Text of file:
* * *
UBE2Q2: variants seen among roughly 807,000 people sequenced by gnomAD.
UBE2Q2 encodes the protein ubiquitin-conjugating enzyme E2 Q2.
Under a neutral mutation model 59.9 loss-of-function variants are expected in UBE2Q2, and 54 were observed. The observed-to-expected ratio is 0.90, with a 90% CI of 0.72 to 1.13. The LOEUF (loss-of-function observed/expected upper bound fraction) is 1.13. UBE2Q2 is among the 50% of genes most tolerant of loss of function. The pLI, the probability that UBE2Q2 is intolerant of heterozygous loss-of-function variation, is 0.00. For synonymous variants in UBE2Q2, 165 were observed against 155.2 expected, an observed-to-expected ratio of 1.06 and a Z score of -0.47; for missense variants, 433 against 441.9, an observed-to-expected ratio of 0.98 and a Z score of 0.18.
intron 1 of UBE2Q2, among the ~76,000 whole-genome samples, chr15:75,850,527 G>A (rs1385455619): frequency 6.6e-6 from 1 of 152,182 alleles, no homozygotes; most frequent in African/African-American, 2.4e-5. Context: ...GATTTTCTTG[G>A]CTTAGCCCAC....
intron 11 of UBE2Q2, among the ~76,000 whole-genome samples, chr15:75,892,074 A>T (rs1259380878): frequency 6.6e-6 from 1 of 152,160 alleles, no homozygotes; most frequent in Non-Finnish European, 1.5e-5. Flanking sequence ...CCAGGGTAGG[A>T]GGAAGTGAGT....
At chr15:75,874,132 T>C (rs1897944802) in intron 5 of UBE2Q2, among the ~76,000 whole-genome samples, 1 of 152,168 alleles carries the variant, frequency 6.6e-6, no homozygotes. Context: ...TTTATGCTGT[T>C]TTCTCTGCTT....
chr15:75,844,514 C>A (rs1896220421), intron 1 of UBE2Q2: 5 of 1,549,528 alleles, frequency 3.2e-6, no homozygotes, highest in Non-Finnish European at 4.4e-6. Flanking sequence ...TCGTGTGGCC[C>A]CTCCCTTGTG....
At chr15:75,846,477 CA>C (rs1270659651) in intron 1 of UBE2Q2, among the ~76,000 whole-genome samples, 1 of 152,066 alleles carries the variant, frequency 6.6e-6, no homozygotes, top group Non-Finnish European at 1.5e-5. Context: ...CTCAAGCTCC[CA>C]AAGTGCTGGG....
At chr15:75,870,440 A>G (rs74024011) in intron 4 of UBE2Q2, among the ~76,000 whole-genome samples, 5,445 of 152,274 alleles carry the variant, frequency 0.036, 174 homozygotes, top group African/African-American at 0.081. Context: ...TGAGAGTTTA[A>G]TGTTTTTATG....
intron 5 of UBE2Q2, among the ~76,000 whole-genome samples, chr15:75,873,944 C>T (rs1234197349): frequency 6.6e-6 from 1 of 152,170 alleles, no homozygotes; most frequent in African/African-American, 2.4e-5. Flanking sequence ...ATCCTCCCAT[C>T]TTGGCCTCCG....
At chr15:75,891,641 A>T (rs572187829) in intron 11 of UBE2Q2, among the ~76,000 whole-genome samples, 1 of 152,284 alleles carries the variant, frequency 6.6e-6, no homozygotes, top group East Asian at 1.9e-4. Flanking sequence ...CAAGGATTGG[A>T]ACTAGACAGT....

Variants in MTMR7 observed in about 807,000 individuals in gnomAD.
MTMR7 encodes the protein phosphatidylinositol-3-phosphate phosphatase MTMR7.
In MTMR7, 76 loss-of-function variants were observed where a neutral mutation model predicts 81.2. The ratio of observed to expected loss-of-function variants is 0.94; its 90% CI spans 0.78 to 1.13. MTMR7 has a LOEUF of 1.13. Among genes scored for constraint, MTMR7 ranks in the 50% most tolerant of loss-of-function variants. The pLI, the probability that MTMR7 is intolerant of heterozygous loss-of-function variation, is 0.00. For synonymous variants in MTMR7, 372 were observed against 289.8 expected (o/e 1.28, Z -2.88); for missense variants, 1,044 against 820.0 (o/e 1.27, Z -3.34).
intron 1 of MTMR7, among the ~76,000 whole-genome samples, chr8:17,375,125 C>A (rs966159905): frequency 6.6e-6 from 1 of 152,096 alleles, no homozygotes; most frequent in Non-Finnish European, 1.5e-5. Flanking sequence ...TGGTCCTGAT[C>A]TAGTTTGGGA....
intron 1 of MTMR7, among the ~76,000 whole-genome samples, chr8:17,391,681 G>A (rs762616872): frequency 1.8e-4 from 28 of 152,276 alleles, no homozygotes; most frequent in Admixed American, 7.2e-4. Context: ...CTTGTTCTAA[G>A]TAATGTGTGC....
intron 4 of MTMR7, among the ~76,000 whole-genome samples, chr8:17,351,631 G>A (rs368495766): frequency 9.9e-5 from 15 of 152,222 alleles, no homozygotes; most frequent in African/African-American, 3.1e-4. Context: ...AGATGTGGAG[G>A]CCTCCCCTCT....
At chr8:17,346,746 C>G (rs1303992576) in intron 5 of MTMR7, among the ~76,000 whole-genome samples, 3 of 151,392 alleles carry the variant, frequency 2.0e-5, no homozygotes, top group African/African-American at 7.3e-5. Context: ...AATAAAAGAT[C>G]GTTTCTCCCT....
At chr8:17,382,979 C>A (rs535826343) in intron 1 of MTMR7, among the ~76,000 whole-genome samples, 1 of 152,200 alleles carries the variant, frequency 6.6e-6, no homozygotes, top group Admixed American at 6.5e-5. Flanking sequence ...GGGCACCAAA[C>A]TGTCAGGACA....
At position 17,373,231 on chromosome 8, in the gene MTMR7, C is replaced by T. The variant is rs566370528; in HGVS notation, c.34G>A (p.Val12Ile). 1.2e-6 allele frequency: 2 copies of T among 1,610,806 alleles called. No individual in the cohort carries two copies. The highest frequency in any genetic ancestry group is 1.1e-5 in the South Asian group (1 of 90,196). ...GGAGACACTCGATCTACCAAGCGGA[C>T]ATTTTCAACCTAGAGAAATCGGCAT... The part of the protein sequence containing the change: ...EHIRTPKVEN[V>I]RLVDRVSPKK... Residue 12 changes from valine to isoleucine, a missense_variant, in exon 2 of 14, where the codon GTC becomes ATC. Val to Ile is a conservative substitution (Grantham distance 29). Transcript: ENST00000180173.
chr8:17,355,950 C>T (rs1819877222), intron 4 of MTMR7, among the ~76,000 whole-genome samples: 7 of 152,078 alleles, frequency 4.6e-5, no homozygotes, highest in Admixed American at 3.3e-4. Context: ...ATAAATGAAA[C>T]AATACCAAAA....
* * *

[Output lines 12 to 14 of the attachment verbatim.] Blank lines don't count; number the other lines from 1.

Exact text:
Variants in MTMR7 observed in about 807,000 individuals in gnomAD.
MTMR7 encodes the protein phosphatidylinositol-3-phosphate phosphatase MTMR7.
In MTMR7, 76 loss-of-function variants were observed where a neutral mutation model predicts 81.2. The ratio of observed to expected loss-of-function variants is 0.94; its 90% CI spans 0.78 to 1.13. MTMR7 has a LOEUF of 1.13. Among genes scored for constraint, MTMR7 ranks in the 50% most tolerant of loss-of-function variants. The pLI, the probability that MTMR7 is intolerant of heterozygous loss-of-function variation, is 0.00. For synonymous variants in MTMR7, 372 were observed against 289.8 expected (o/e 1.28, Z -2.88); for missense variants, 1,044 against 820.0 (o/e 1.27, Z -3.34).